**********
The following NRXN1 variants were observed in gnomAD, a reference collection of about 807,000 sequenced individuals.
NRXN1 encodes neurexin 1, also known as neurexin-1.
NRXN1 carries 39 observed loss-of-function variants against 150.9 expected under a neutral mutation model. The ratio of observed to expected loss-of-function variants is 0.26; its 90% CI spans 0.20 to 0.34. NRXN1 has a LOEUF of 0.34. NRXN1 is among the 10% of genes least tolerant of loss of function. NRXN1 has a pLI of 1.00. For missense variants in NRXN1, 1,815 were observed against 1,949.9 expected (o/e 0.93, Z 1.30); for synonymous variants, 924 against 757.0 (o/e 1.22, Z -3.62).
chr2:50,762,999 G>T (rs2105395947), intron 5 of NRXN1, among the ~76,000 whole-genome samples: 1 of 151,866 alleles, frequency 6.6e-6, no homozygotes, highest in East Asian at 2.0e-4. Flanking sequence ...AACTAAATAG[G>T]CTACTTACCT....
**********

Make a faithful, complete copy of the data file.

The following NRXN1 variants were observed in gnomAD, a reference collection of about 807,000 sequenced individuals.
NRXN1 encodes neurexin 1, also known as neurexin-1.
NRXN1 carries 39 observed loss-of-function variants against 150.9 expected under a neutral mutation model. The ratio of observed to expected loss-of-function variants is 0.26; its 90% CI spans 0.20 to 0.34. NRXN1 has a LOEUF of 0.34. NRXN1 is among the 10% of genes least tolerant of loss of function. NRXN1 has a pLI of 1.00. For missense variants in NRXN1, 1,815 were observed against 1,949.9 expected (o/e 0.93, Z 1.30); for synonymous variants, 924 against 757.0 (o/e 1.22, Z -3.62).
chr2:50,762,999 G>T (rs2105395947), intron 5 of NRXN1, among the ~76,000 whole-genome samples: 1 of 151,866 alleles, frequency 6.6e-6, no homozygotes, highest in East Asian at 2.0e-4. Flanking sequence ...AACTAAATAG[G>T]CTACTTACCT....